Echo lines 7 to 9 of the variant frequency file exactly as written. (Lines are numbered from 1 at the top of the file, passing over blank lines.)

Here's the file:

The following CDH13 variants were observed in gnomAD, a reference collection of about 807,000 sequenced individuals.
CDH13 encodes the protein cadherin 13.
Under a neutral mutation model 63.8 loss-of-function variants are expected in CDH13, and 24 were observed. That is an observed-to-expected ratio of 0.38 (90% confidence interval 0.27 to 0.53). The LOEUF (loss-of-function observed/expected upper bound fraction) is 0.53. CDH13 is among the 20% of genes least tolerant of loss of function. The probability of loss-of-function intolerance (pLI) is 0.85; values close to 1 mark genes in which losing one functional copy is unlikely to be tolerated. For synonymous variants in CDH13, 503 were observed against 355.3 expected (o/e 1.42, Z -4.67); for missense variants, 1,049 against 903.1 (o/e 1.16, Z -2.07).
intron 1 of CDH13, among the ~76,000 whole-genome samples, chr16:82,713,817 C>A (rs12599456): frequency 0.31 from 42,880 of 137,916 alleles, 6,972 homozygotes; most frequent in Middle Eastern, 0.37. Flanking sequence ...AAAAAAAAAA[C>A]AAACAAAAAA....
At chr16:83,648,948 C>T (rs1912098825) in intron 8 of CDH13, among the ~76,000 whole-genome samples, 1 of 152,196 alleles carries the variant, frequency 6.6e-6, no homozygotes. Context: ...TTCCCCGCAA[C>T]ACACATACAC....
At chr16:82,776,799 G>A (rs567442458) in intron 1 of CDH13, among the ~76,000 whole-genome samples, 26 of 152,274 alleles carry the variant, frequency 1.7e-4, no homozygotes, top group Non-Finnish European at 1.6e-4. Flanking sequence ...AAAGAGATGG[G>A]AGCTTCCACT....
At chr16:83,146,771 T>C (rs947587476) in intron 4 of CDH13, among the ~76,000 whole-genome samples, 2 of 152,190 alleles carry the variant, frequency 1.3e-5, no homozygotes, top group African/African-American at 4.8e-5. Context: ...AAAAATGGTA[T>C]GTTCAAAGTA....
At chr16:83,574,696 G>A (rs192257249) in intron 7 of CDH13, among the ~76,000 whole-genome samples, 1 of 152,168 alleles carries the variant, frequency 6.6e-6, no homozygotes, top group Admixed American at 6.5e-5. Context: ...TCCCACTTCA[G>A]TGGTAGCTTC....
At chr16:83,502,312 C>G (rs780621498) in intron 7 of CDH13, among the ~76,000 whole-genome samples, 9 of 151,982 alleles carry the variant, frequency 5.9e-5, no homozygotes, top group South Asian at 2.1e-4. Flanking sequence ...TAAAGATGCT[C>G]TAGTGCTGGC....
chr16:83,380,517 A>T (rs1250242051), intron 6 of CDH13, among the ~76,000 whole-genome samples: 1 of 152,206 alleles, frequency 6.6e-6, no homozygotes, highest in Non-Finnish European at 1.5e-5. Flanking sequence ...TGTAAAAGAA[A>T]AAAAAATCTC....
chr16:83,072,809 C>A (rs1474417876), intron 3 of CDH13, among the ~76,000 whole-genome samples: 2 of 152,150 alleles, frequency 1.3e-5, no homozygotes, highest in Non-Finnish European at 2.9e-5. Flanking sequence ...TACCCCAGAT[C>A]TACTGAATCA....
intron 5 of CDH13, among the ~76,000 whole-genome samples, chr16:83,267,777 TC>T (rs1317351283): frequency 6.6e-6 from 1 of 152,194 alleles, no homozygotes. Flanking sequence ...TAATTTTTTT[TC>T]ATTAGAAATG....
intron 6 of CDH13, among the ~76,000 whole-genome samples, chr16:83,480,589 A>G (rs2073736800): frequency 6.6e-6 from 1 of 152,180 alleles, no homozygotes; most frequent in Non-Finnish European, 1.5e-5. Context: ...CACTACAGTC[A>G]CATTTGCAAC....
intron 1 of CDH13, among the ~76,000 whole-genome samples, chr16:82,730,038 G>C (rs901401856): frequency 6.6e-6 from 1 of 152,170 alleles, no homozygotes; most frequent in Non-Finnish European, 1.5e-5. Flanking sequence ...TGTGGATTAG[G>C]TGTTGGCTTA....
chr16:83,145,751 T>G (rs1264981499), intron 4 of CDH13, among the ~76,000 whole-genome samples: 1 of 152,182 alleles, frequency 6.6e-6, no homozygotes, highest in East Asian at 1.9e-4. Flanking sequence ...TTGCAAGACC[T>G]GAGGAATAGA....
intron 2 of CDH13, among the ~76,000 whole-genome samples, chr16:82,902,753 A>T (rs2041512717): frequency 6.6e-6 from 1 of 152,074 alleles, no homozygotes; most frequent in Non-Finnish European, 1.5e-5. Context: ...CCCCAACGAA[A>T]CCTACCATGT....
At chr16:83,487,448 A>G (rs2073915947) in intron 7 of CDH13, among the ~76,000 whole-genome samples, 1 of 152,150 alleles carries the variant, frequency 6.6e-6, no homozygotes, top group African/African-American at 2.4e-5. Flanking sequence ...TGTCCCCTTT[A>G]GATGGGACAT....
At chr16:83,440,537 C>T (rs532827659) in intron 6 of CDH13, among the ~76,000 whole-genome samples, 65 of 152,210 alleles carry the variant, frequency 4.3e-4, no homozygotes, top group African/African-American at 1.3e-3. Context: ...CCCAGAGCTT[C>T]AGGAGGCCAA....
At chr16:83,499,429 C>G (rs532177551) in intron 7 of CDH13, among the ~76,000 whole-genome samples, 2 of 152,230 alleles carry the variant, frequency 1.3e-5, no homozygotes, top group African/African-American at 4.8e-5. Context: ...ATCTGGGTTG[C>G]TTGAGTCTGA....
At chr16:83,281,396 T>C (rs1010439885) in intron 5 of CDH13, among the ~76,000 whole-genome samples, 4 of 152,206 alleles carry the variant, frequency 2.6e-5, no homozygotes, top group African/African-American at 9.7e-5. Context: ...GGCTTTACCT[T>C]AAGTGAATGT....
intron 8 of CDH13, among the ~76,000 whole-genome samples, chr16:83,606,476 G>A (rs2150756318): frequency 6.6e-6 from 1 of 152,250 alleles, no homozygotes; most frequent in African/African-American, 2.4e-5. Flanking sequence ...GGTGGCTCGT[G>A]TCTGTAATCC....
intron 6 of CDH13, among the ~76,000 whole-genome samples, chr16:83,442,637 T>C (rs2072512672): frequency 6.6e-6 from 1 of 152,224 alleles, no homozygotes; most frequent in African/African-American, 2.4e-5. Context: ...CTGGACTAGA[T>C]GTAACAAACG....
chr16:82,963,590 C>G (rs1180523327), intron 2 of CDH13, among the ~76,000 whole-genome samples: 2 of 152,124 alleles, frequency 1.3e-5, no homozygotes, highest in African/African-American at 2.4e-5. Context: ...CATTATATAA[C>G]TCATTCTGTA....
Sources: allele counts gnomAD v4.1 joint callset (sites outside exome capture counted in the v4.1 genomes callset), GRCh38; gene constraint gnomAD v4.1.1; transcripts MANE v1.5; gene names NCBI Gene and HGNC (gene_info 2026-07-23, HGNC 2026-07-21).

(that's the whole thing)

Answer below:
At chr16:83,146,771 T>C (rs947587476) in intron 4 of CDH13, among the ~76,000 whole-genome samples, 2 of 152,190 alleles carry the variant, frequency 1.3e-5, no homozygotes, top group African/African-American at 4.8e-5. Context: ...AAAAATGGTA[T>C]GTTCAAAGTA....
At chr16:83,574,696 G>A (rs192257249) in intron 7 of CDH13, among the ~76,000 whole-genome samples, 1 of 152,168 alleles carries the variant, frequency 6.6e-6, no homozygotes, top group Admixed American at 6.5e-5. Context: ...TCCCACTTCA[G>A]TGGTAGCTTC....
At chr16:83,502,312 C>G (rs780621498) in intron 7 of CDH13, among the ~76,000 whole-genome samples, 9 of 151,982 alleles carry the variant, frequency 5.9e-5, no homozygotes, top group South Asian at 2.1e-4. Flanking sequence ...TAAAGATGCT[C>G]TAGTGCTGGC....